The impact of TAVI on the LV diastolic function seems to be rather controversial with conflicting results (11, 16, 20, 21, 22). However, all previous studies have included patients with atrial fibrillation and coronary artery disease. Conversely, in our study patients with coronary artery disease, concomitant significant valvular pathology and atrial fibrillation were excluded, giving a better picture of LV remodelling after TAVI. Consequently, we found no appreciable improvement in diastolic function after TAVI. This could be a result of the transient increase of diastolic myocardial stiffness that occurs early after valve replacement, followed by regression of fibrosis and reversal of diastolic dysfunction (19, 23).

Comparison between the two types of valves

A few studies have compared the Edwards S3 and the Evolut R valves. Most have focused on the safety profile of the valves, including pre- and post-procedural complications and mortality, which were similar in both (24, 25). These TAVI valves are more advanced compared to their forerunners in that they reduce the incidence of paravalvular regurgitation and procedural clinical complications. To our knowledge, this is the first study that compared the LV response between these two valves using GLS. We demonstrated that LV systolic and diastolic function and LV mass were similar between the two valves and that the rate of improvement was similar.

The incidence of paravalvular regurgitation and the incidence of severe patient-prosthesis mismatch were compared between the two groups. While the rate of new pacemaker implantation and patient-prosthesis mismatch was similar, a higher incidence of more than mild paravalvular regurgitation was demonstrated with the self-expandable Evolut R valve. This finding is significant, as more than mild paravalvular regurgitation after TAVI is associated with higher mortality rates (3, 26).

Limitations

The main limitation of this study is the relatively small sample size but was sufficiently powered to detect a true difference in GLS of 1.23% with a power of 0.8 and alpha 0.05. The length of time between the TAVI and follow-up varied among patients. However, the number of days between the echocardiographic studies and the procedure was similar between the groups and did not have an impact on the results. Additionally, patients who did not survive the procedure or up to the follow-up echocardiogram were not included in the study. All subjects are from a single tertiary centre and all echocardiograms were performed by accredited echocardiographers (blinded).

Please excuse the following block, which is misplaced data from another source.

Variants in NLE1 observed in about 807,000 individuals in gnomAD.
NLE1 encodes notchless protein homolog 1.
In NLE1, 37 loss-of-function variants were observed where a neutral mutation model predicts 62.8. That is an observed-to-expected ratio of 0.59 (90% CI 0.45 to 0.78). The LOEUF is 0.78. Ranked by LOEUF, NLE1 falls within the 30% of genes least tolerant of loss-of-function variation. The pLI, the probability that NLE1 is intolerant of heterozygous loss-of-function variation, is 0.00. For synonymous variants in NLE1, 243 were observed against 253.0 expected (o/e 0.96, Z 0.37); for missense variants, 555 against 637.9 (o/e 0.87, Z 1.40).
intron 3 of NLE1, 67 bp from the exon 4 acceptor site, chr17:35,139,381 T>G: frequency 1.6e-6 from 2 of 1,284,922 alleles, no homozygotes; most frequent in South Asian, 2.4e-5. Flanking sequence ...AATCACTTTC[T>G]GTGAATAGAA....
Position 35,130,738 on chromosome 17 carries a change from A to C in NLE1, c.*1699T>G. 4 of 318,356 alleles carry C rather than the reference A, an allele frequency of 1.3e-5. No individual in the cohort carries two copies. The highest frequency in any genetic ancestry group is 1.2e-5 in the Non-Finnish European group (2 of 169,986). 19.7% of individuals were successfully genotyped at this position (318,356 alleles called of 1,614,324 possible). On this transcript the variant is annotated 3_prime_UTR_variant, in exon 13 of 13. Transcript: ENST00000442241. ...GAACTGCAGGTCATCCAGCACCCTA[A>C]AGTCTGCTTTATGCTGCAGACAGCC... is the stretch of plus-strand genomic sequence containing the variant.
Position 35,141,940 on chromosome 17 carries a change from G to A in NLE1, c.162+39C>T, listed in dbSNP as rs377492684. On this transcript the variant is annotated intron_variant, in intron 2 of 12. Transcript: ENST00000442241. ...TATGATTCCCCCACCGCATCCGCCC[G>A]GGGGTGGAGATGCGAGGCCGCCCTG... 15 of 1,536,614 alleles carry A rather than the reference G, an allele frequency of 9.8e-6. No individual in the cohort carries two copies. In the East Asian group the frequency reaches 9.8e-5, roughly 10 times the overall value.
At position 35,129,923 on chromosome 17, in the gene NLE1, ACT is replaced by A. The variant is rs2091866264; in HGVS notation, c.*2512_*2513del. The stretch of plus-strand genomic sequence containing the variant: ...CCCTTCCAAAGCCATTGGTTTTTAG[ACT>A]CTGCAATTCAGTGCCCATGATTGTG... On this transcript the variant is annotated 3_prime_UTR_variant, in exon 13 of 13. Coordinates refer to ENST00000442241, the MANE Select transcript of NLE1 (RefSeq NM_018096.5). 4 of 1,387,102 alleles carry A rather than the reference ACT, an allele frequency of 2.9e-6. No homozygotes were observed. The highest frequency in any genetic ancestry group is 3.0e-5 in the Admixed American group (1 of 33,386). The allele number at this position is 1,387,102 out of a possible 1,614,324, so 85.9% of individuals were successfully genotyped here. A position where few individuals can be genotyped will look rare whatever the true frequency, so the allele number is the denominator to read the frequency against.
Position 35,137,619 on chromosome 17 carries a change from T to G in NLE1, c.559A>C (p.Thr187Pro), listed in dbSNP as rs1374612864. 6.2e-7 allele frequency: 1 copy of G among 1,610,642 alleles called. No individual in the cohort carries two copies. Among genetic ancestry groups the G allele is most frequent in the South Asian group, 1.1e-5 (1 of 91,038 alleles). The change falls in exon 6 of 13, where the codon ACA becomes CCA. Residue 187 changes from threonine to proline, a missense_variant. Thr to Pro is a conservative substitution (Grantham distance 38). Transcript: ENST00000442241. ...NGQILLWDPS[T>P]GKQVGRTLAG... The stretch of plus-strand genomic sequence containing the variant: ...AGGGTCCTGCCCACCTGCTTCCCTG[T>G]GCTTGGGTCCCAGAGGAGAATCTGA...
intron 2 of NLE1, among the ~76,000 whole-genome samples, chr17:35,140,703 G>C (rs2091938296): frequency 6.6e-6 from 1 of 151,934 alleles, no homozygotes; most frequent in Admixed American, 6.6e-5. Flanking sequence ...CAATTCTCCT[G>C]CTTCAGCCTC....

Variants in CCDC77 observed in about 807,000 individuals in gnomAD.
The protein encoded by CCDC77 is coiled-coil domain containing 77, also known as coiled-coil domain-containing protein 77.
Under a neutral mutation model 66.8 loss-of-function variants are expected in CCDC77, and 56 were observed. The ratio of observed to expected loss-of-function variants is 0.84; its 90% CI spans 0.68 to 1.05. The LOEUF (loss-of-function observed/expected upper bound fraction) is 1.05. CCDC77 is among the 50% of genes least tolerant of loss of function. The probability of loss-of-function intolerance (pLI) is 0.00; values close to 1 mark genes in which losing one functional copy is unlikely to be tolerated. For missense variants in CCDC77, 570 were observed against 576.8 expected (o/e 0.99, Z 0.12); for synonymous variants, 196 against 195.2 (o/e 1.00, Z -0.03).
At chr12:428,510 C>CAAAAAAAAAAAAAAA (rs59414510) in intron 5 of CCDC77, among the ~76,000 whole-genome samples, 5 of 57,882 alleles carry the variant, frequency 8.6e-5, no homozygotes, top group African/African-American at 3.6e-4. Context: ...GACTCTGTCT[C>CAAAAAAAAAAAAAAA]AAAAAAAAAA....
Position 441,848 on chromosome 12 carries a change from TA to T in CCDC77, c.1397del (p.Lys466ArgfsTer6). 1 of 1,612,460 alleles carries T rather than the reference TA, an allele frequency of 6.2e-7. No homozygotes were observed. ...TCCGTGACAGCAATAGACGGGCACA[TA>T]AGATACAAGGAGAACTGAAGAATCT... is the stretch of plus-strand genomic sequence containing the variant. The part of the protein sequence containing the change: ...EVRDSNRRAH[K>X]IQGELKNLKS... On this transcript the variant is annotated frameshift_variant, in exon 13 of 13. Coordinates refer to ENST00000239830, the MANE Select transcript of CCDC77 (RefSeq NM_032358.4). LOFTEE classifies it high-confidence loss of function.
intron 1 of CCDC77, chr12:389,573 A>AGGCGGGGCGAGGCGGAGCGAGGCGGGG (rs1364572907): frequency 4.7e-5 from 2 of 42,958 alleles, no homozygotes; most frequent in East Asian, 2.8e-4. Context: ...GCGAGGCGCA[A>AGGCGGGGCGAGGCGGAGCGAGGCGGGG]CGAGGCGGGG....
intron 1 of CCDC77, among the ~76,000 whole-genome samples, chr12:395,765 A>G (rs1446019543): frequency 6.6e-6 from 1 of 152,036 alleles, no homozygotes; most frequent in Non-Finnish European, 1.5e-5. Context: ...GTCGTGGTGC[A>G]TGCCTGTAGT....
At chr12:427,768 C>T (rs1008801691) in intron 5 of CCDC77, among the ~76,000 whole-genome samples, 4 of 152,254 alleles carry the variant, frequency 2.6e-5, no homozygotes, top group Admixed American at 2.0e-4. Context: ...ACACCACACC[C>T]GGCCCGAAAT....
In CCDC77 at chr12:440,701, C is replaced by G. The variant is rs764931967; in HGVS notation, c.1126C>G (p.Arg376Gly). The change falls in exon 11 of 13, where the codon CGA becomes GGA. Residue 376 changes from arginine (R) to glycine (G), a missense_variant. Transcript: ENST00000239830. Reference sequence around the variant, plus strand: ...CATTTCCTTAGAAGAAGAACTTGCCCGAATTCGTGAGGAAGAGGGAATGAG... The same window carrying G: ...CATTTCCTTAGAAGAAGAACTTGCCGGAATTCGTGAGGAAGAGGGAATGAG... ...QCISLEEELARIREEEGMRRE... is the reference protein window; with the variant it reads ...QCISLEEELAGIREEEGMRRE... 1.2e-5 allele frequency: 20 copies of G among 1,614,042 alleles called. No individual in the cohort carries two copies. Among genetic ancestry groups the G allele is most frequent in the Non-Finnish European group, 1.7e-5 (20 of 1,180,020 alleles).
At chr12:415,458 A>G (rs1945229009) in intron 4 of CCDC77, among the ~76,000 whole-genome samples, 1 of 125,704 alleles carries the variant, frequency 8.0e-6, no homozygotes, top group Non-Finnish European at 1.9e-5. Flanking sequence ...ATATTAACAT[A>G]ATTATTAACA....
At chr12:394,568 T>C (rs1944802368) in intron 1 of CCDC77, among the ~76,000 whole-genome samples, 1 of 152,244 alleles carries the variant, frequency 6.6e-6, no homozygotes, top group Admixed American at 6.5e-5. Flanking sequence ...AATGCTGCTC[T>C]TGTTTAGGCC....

Conclusions

TAVI in patients without significant coronary artery disease, AF or other valvular lesions results in significant improvement of the LV systolic function as assessed by GLS. This improvement is more pronounced in patients with more severe baseline LV systolic function. The difference in GLS before and after TAVI was similar between the Edwards S3 and Evolut R valves. Therefore, the type of valve did not influence the remodelling of LV after TAVI. However, patients with Evolut R had a higher rate of moderate paravalvular leak, which could potentially have an impact on the LV function in the long-term. The findings of this study suggest that GLS might be a more sensitive method of left ventricular assessment after TAVI compared to the EF, as it can potentially detect changes of the left ventricular function even in the short-term follow-up. Further studies should be considered to expand the current work and identify the potential role of GLS in patients with aortic stenosis being considered for TAVI.

Declaration of interest

The authors declare that there is no conflict of interest that could be perceived as prejudicing the impartiality of the research reported.

Funding

This review did not receive any specific grant from any funding agency in the public, commercial or not-for-profit sector.

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  • 7

    Popma JJ, Deeb GM, Yakubov SJ, Mumtaz M, Gada H, O’Hair D, Bajwa T, Heiser JC, Merhi W, Kleiman NS, Transcatheter aortic-valve replacement with a self-expanding valve in low-risk patients. New England Journal of Medicine 2019 380 17061715. (https://doi.org/10.1056/NEJMoa1816885)

    • Search Google Scholar
    • Export Citation
  • 8

    Mack MJ, Leon MB, Thourani VH, Makkar R, Kodali SK, Russo M, Kapadia SR, Malaisrie SC, Cohen DJ, Pibarot P, Transcatheter aortic-valve replacement with a balloon-expandable valve in low-risk patients. New England Journal of Medicine 2019 380 16951705. (https://doi.org/10.1056/NEJMoa1814052)

    • Search Google Scholar
    • Export Citation
  • 9

    Anderson B. A Sonographer’s Guide to the Assessment of Heart Disease, 1st ed. Manly, Australia: MGA Graphics, 2014.

  • 10

    Kappetein AP, Head SJ, Généreux P, Piazza N, van Mieghem NM, Blackstone EH, Brott TG, Cohen DJ, Cutlip DE, Es GA, Updated standardized endpoint definitions for transcatheter aortic valve implantation: the Valve Academic Research Consortium-2 consensus document. European Heart Journal 2012 33 24032418. (https://doi.org/10.1093/eurheartj/ehs255)

    • Search Google Scholar
    • Export Citation
  • 11

    Giannini C, Petronio AS, Talini E, De Carlo M, Guarracino F, Grazia M, Donne D, Nardi C, Conte L, Barletta V, Early and late improvement of global and regional left ventricular function after transcatheter aortic valve implantation in patients with severe aortic stenosis: an echocardiographic study. American Journal of Cardiovascular Disease 2011 1 264273.

    • Search Google Scholar
    • Export Citation
  • 12

    Kempny A, Diller GP, Kaleschke G, Orwat S, Funke A, Radke R, Schmidt R, Kerckhoff G, Ghezelbash F, Rukosujew A, Longitudinal left ventricular 2D strain is superior to ejection fraction in predicting myocardial recovery and symptomatic improvement after aortic valve implantation. International Journal of Cardiology 2013 167 22392243. (https://doi.org/10.1016/j.ijcard.2012.06.012)